17. Image by Juan MayerIt happens so fast. You’re coming down from a great jump. You land, laughing, and whip around for the imminent high-five with a huge smile on your face. That smile drops right along with the friend framed in your view. Something happened in those last few feet of flight--you don’t know what, but that triumphant swoop turned into a spectacular case-in, and your friend’s screaming, and you’re running towards him at top speed, and his leg is at a crazy angle, and there’s blood. Lots of blood. What the hell do you do now? Wouldn’t you like to have a plan? Even if you have no intention of becoming a medical pro--or even a uniformed first responder--you can get a short education that might make you the deciding beneficial factor in someone’s very worst day...maybe even yours. This curriculum is comprehensive and practical, integrating the essential principles and skills required to assess and manage medical problems you might come across, especially but not specifically in isolated and extreme environments. It doesn’t have a name that implies its usefulness for skydiving, sure--”Wilderness First Responder” sounds like a course built just for Search-and-Rescue burlies--but hear me out. You need this. Here’s why. 1. Help is not always immediately at hand.Wilderness First Response certifications are meant to be used in earnest when the caregiver and receiver are essentially stranded in remote circumstances. While skydiving drop zones aren’t generally beyond the furthest reaches of civilization, they’re never in the center of it, either. Response times are not, as a rule, immediate. Any medical education is of enormous benefit, of course, but--for a regular-strength skydiver--the ROI of a WFR is pretty damn dead-on. The WFR course is about intelligent, informed self-reliance in the absence of immediate help. In the wilderness setting that the course was designed around, the priority is to figure out whether you can semi-self rescue, to assess what additional resources you need, and to methodically stabilize yourself and/or others until the cavalry rolls up. In the dropzone setting, this training is just as useful. 2. Whether or not you’re trained, you will always be the first responder to your own injuries. Make those early minutes count.If you end up injured during an emergency landing that’s outside the drop zone--and you don’t have a charged, functioning method of communication--then you’ll be waiting for help to find you. If you happen to be conscious in that interim (hooray lucky you), WFR training will give you a method for understanding your injury, stabilizing it and tracking its progress for later reporting. Without training, you’ll likely just lie there, terrified, in blinding pain--or make your injuries worse with incorrect responses. 3. You should be off the list of dead-weight liabilities and on the list of assets.Skydiving is a sport that demands proactive personal responsibility in the context of a mutually supportive, risk-educated community. We all understand this. That said: While a WFR certification does not confer the knowledge of a full EMT, it makes the bearer a much stronger member of the greater support team. A baseline education in first response moves you from a gasping member of the horrified crowd to a literate, assisting partner in incident management, though your role in the moment will, in all statistical likelihood, be quite procedurally basic. 4. You should dial up your powers of observation.We’re not just talking about cardiac arrest and gaping wounds, here. WFR training will help you recognize subtle symptoms in a way that could help you change the outcome. Dehydration? Hypoxia? Heat illness? These are real-life dropzone problems, and your awareness could make a big difference in someone’s day. 5. You’ll get important certifications.Successful completion of a WFR course will generally earn you a two-year Adult & Child CPR certification as well as the obvious Wilderness First Responder certification. This may or may not be an important piece of paper for you in a technical sense, but current CPR certification makes you a secret superhero in a world where lives are often saved by trained, responsive passers-by. 5. It’s a really good time. Seriously.Wilderness First Response courses are generally administered in, predictably, wilderness settings. I did mine with the National Outdoor Leadership School (NOLS) with the full majesty of the Yosemite Valley as the backdrop. My partner did his in the Grand Canyon country of Flagstaff, Arizona. WFR courses are offered in highly visitable settings all over the States--indeed, the world--and y’know what? There are few better-invested ways to spend a week in nature than learning life-saving, life-changing skills in a close-knit group of fellow adventurers. Y’know, like the close-knit group of fellow adventurers with whom you share your sky--and who are counting on you to be the best team member you can possibly be. Live up to it.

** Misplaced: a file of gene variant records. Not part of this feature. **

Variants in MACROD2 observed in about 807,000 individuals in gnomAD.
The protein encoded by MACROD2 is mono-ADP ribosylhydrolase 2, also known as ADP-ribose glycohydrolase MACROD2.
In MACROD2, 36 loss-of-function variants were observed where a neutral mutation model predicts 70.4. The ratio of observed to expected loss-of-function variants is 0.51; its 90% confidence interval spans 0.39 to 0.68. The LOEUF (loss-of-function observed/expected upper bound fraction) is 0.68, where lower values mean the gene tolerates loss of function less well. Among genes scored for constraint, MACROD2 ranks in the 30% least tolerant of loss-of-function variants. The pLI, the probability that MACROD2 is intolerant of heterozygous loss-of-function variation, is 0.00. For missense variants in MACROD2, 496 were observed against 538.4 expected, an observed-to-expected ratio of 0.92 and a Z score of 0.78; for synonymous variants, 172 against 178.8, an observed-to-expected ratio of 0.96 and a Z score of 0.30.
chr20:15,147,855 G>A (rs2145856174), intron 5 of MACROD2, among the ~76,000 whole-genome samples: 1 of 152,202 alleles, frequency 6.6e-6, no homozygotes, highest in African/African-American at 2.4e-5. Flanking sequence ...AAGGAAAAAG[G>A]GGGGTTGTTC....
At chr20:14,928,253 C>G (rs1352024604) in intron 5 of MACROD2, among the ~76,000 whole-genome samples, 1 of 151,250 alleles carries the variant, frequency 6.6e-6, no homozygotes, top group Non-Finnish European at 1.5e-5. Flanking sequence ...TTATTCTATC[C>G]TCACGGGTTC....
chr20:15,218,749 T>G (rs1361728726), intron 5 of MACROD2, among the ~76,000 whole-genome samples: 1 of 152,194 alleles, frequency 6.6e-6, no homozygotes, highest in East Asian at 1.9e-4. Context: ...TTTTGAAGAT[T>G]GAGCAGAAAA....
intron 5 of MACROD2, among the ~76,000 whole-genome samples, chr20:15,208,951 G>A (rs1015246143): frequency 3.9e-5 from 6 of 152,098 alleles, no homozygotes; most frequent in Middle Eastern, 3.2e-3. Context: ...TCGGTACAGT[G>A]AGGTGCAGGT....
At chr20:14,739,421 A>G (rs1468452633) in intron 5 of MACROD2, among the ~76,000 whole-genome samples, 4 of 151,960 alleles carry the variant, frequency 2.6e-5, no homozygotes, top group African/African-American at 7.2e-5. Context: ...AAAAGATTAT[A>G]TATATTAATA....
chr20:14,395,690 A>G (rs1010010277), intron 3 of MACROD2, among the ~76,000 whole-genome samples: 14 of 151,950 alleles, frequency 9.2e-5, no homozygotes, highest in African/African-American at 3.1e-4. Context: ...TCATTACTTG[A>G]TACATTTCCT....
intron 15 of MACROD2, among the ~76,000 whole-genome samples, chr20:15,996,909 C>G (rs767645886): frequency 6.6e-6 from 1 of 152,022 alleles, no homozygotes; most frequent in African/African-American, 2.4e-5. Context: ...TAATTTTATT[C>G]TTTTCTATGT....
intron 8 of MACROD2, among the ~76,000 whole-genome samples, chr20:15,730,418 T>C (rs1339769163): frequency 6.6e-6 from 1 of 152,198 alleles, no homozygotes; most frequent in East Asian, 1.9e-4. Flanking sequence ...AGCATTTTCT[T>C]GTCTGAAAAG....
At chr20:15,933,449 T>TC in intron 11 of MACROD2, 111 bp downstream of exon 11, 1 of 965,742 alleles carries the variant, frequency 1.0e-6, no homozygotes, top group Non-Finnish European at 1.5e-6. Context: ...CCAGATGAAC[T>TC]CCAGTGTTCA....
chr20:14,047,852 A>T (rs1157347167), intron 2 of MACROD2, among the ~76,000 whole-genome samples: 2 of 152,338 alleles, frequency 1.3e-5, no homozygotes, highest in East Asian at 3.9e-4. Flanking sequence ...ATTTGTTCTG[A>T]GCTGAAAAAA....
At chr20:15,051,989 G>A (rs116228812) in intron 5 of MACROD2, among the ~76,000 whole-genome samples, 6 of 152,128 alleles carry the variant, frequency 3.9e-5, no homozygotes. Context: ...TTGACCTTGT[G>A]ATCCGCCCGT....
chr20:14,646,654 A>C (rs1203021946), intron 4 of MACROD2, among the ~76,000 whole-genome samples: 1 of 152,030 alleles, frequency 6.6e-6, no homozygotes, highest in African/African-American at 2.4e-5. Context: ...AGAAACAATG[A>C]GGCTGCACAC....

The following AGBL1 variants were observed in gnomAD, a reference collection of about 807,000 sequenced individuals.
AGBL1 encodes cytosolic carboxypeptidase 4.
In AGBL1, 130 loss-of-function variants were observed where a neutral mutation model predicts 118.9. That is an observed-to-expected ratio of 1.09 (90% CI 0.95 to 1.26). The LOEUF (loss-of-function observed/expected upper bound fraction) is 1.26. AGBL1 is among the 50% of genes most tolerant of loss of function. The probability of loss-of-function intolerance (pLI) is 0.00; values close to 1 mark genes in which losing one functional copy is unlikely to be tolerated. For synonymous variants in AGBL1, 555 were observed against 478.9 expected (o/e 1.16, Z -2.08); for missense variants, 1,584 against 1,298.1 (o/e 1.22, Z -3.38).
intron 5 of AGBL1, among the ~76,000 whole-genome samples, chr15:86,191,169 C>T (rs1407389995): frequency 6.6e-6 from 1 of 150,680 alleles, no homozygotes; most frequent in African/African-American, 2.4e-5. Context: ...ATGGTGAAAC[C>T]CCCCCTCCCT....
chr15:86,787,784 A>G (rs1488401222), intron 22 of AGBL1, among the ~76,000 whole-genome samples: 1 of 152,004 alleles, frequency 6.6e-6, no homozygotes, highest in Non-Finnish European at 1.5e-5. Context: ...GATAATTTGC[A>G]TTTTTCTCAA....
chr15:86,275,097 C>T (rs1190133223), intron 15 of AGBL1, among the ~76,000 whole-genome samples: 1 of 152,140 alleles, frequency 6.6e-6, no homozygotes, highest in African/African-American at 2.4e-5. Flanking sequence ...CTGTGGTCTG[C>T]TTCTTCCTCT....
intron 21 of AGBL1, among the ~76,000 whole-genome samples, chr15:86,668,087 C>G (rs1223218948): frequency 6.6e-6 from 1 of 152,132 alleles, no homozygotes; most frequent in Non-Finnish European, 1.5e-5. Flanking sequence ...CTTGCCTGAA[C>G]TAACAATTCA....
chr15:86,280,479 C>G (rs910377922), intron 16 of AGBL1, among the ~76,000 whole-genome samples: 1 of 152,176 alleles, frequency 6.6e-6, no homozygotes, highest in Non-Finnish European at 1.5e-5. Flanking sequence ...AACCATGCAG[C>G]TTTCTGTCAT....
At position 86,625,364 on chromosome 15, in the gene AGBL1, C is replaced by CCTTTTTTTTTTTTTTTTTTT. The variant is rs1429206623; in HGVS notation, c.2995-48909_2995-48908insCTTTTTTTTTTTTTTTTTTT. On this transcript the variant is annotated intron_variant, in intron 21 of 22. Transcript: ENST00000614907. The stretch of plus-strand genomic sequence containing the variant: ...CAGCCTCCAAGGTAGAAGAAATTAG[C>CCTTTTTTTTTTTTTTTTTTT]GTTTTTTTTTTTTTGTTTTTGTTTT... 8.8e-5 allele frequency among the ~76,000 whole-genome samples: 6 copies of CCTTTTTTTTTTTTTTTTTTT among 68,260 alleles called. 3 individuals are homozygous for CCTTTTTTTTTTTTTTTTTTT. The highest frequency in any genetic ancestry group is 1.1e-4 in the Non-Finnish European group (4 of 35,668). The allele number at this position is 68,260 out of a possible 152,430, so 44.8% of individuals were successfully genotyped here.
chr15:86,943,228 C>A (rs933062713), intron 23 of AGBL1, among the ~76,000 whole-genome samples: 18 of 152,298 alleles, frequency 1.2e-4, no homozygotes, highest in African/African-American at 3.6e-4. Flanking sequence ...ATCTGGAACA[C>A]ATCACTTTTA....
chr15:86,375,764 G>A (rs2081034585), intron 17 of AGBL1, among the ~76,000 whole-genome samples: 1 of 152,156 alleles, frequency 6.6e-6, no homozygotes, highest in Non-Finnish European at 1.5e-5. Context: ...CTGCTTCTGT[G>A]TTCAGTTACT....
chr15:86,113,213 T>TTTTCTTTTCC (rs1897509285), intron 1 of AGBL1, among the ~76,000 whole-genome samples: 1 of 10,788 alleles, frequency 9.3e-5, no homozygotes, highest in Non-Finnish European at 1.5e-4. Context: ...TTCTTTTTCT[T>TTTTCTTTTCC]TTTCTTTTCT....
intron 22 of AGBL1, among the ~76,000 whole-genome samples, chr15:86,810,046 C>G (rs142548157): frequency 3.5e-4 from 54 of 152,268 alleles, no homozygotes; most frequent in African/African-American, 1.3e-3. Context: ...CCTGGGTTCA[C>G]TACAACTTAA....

18. A Cessna 208 was left upside down in a field just off Jahant Road, near Lodi Airport on Thursday 12 May when the aircraft was forced to make an emergency landing. While it is unclear what caused the emergency landing and no official statement on the cause has been given -- the following was posted on the Dropzone.com forums. "One of my friends was on this load. Apparently they opened the door at 1000 feet and smelled fuel, everyone sat down and clipped in, then the engine failed and the plane landed upside down after clipping a nearby SUV. This is just what I heard, not confirmed" The owner of the dropzone had told the media that while they still weren't certain of the exact reasons behind the failure, he could confirm that the propeller had stopped spinning, forcing the landing. The plane was being operated by Parachute Center and there were eighteen individuals on board at the time of the crash. Thanks to the effect use of restraints in the plane, despite the fact that it was lying upside down, all eighteen passengers walked away from the incident without injuries. However, it was not only the passengers aboard the Cessna that found themselves subject to the situation. While making the emergency landing the plane just clipped the tail of an SUV with two individuals inside. Thankfully it was merely a small nick to the vehicle and both the driver and passenger of the vehicle walked away with nothing more than a bit of shock. Showing that nothing can keep a dedicated jumper out of the sky, several of the passengers aboard the crashed plane returned to the dropzone to continue jumping, just moments after the crash. Discussions on this incident are currently taking place in the Plane Crash - Lodi 12 May 2016 thread. Update: 16 may 2016 Footage has now been released from inside the aircraft which can be viewed below: